Cities, states, and metropolitan areas across the United States are looking to invest in a range of public transit projects in order to connect people to jobs and economic opportunity, reduce greenhouse gas emissions from vehicles, and shape development patterns. According to one estimate, the United States invested about $50 billion in new transit projects in just the last decade.1 These include underground subways in Los Angeles, commuter rail lines along the Front Range near Denver, a streetcar in downtown Atlanta, light rail lines in suburban Phoenix, and bus rapid transit in Richmond, Virginia, among many others.While these projects are as diverse as the country itself, they all have one thing in common: increased scrutiny over their costs and timelines to build. A few very visible projects have reinforced the narrative that rail transit investments have systemic issues that are endemic to the United States.This all begs the questions: Is this true? If so, why? And what should we do about it?These are precisely the questions Eno set out to answer through this research, policy, and communications project to analyze current and historical trends in public transit project delivery. We convened a set of advisors and conducted in-depth interviews with key stakeholders to understand the drivers behind mass transit construction, cost, and delivery in the United States. A comprehensive database of rail transit projects was created and curated to compare costs and timelines among U.S. cities and peer metropolitan areas in Western Europe and Canada. Through this quantitative and qualitative approach, we developed actionable recommendations for policy changes at all levels of government as well as best practices for the public and private sectors.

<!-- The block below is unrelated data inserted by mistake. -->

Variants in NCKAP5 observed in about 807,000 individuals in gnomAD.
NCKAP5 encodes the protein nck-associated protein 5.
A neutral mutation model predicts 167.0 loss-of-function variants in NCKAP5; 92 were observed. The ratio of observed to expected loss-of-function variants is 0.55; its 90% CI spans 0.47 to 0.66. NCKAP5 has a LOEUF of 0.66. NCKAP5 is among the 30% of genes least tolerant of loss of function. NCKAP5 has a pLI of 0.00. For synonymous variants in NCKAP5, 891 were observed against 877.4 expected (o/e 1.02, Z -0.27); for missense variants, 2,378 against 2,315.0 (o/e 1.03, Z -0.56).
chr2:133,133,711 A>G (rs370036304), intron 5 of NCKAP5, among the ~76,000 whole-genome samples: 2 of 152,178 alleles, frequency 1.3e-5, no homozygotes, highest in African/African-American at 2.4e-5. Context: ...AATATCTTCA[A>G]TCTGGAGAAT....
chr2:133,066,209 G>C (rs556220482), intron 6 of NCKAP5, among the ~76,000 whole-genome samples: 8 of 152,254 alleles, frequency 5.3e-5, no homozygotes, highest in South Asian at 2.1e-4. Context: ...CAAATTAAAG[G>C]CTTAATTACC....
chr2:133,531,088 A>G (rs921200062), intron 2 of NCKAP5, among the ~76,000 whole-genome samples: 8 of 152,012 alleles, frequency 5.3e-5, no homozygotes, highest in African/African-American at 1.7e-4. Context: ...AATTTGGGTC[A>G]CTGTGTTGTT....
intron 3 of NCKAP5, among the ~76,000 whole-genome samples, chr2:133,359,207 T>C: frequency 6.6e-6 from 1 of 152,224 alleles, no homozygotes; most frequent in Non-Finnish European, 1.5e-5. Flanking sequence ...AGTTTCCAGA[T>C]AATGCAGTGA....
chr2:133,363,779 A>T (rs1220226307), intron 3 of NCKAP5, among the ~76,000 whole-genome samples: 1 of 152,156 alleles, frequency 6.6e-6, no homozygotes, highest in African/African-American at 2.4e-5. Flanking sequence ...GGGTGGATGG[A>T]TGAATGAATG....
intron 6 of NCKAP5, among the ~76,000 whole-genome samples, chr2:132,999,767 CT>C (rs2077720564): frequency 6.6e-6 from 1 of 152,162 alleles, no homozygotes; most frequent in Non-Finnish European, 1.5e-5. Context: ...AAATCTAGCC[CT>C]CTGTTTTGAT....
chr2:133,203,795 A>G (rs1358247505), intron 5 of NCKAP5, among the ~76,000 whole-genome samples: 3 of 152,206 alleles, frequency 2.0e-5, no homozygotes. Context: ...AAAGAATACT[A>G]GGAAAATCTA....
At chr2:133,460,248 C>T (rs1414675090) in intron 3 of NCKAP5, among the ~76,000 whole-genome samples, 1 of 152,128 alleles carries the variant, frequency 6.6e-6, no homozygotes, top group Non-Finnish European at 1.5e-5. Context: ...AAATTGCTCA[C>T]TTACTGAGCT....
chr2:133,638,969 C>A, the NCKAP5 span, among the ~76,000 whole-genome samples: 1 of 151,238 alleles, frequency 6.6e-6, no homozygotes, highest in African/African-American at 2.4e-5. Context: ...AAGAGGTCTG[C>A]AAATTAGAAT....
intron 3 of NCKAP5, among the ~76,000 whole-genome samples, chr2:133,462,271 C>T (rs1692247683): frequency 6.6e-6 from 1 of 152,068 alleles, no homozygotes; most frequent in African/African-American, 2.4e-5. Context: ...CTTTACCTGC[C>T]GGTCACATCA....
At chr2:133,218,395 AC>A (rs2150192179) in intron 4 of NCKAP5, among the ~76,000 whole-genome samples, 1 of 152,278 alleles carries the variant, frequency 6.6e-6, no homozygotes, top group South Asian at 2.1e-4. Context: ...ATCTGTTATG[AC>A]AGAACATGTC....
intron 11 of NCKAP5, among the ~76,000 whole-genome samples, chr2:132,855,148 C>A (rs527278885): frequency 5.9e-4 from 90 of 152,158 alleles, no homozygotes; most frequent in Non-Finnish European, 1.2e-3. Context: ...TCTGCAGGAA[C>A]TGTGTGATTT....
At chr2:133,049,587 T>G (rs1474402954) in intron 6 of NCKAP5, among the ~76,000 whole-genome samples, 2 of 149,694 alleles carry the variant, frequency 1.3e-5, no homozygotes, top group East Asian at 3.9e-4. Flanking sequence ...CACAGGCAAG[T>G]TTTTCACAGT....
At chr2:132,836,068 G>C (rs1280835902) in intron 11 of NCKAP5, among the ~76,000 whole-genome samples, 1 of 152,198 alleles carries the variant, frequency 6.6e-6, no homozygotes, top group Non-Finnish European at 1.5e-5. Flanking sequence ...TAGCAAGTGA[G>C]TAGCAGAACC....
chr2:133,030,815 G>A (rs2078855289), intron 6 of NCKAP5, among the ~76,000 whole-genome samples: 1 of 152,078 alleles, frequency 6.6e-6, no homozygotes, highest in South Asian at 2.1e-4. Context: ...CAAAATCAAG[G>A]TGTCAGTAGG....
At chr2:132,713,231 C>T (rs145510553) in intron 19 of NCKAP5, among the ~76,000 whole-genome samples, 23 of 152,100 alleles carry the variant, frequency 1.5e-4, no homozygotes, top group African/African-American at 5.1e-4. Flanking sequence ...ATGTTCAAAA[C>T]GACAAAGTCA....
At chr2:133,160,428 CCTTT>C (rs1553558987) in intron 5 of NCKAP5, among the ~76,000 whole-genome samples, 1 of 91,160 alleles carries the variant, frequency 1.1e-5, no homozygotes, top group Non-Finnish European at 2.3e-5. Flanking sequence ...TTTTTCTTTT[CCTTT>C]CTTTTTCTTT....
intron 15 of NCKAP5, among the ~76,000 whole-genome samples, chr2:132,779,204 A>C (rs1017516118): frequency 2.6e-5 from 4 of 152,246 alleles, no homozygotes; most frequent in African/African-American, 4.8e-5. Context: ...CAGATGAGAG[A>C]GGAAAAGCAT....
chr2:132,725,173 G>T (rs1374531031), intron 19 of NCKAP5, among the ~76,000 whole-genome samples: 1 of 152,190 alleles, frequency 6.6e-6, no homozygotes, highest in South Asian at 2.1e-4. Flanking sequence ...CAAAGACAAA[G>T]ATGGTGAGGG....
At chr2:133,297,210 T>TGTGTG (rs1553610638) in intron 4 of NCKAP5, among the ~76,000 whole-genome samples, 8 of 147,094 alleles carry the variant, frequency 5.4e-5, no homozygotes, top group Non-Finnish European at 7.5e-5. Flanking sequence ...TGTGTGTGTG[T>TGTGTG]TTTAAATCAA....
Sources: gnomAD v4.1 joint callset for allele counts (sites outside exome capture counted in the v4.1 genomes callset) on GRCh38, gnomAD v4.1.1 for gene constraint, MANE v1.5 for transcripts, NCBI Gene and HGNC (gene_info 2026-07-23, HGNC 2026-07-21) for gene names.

Mortality-based damages per ton due to the on-road mobile sector in the Northeastern and Mid-Atlantic U.S. by region, vehicle class and precursorJune 8, 2021
A new study that quantifies the total and interstate deaths from transportation-related air pollution from five vehicle types in 12 states and Washington, D.C. has been published in Environmental Research Letters. The research was led by researchers at the University of North Carolina at Chapel Hill with the Center for Climate, Health, and the Global Environment at Harvard T.H Chan School of Public Health.The study is part of the Transportation, Equity, Climate, and Health project (TRECH), a multi-university research team from Harvard T.H. Chan School of Public Health, Boston University, University of North Carolina, and Columbia University, which analyzes policy scenarios to address carbon pollution from the transportation sector.Key TakeawaysOzone and fine particulate matter from vehicle emissions in 2016 led to an estimated 7,100 deaths in the Northeast and Mid-Atlantic regions of the U.S., and pollution from tailpipe emissions is also traveling across state lines, harming the health of people living in cities and states downwind.Region wide, light-duty trucks, which include SUVs, were responsible for the largest number of premature deaths at 2,463 followed by light-duty passenger vehicles (1,881) and heavy-duty trucks (1,465)All states experienced substantial health impacts from vehicle emissions and can gain health benefits from local action.New York, Pennsylvania, and New Jersey were hardest hit with health damages at $21 billion, $13 billion, and $12 billion, respectively, in 2016 (the most recent data available from EPA).Many states are heavily impacted by out-of-state emissions and some states cause more deaths out-of-state than in-state, including PA and NJ, highlighting the importance of region-wide action to reduce vehicle emissions.On a ton for ton basis, buses in the New York-Newark-Jersey City metropolitan area had the largest health damages at $4 million for every ton of particulate matter emitted.Ammonia emissions play a stronger relative role in causing health damages compared to oxides of nitrogen. Regionally, ammonia emissions from vehicles were responsible for 740 premature deaths in 2016, more than 10% of the total deaths. Ammonia emissions from vehicles are an unintended by-product of catalytic converters and are unregulated in the U.S., and their role in urban air pollution has been generally under appreciated.